Some other examples of this might be using plastic wrap for windows or a piece of fabric for a blanket or piping gel with white paint for milk. The possibilities could be endless. Just look at your comic strip and brainstorm!
Step 3: Making Clay
To make the clay you just simply put the materials (4 cups flour, 1 cup salt, and 1.5 cups water) in a big bowl and mix with your hands. Once it is thick you can take it out of the bowl and knead it until you have a clay like consistency.
Then to color the clay, you just break off the amount or clay you need and drop some food coloring in it and then knead it until the color is blended in.
Use gloves when tinting the clay or your hands will get stained like mine did
Step 4: Making the Figures
Before you make the figures, preheat your oven to 300 degrees
With all the planning you have done in step one, this should be easy. First make all the shapes and put them together correctly. Then blend the shapes in a little so it starts to actually look like what you are making. Move the body parts of the characters around to make each of the positions they are in. Then add the facial expressions on the characters, being careful that they look just right.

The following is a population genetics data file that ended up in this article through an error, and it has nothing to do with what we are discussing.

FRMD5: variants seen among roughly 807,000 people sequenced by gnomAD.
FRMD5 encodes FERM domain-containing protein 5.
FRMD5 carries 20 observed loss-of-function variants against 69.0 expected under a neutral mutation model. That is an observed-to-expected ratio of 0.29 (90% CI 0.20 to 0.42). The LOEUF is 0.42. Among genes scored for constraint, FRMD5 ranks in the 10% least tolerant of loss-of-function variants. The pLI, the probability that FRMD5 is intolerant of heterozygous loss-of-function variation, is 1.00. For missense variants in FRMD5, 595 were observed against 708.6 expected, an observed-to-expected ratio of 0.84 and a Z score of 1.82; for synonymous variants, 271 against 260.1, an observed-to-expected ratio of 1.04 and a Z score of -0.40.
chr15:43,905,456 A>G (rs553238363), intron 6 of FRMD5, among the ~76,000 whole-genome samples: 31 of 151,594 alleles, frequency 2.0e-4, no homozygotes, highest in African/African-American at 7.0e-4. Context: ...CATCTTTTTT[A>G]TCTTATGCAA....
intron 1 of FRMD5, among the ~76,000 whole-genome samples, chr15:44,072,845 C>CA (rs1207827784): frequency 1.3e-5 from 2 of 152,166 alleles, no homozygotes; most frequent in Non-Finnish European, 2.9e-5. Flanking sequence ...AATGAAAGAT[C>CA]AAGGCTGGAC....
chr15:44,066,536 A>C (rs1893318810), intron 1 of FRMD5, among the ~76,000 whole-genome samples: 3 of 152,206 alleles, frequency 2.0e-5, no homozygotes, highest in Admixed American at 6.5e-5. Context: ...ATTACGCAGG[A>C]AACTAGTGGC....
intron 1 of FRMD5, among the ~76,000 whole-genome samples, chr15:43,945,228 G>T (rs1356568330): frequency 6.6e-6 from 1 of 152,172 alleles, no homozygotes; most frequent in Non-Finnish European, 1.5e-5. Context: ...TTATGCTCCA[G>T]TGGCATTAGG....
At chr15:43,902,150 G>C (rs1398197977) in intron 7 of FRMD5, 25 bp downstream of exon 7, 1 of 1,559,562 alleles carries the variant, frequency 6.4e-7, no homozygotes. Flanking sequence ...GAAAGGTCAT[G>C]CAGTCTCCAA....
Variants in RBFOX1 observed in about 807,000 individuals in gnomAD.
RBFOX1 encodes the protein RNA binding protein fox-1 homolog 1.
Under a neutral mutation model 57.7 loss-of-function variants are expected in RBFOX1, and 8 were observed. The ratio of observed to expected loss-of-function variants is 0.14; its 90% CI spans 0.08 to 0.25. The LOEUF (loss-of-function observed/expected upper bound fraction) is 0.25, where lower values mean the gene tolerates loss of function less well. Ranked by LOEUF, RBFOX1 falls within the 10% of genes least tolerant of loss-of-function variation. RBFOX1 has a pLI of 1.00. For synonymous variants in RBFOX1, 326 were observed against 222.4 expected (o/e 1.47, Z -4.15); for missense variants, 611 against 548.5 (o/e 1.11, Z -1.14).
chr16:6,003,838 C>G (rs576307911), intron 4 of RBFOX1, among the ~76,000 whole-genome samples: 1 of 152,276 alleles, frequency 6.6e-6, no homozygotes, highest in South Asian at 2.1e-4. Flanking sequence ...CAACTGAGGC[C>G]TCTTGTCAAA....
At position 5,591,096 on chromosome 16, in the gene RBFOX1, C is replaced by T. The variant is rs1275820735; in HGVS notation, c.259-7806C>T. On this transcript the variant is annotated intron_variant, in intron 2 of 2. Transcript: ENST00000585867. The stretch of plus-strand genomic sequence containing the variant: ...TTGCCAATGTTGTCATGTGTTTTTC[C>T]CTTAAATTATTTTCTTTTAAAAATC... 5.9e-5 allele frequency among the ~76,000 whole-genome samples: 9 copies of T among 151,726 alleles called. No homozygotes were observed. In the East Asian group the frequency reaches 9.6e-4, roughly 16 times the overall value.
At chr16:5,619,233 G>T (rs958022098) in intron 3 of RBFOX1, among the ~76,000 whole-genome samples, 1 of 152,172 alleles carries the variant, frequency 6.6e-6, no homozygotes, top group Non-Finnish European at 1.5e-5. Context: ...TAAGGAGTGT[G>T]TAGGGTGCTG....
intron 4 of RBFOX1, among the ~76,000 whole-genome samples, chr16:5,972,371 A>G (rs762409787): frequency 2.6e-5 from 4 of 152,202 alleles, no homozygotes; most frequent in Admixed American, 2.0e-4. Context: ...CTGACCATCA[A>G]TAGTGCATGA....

Add any tiny details from clay.
KEEP YOUR FIGURES SMALL like up to 3/4 inch thick because if you don't the inside won't get baked.
TIP: keep all of the extra clay whether it is tinted or not- you may still need it to fix possible cracks
Step 5: Baking
Place the figures on a cookie sheet and put inside an oven preheated to 300 degrees.
You will need to bake the figures for about an hour or so depending on size. Flip them over after about half an hour. After an hour has passed, try squishing the biggest piece you have (with an oven mitt of course!) and if it still squishes in then leave it in for longer. If it is hard you can take it out.
TIP: The clay is REALLY hot when you touch it so please use an oven mitt or towel and be REALLY careful!
Step 6: Fixing Cracks and Sanding
Almost always there will be a crack in at least one of the figures. To fix this, fill in the crack using a knife and the clay of the right color (that you saved after making the figures!) Put it back into the oven for about 10-15 minutes.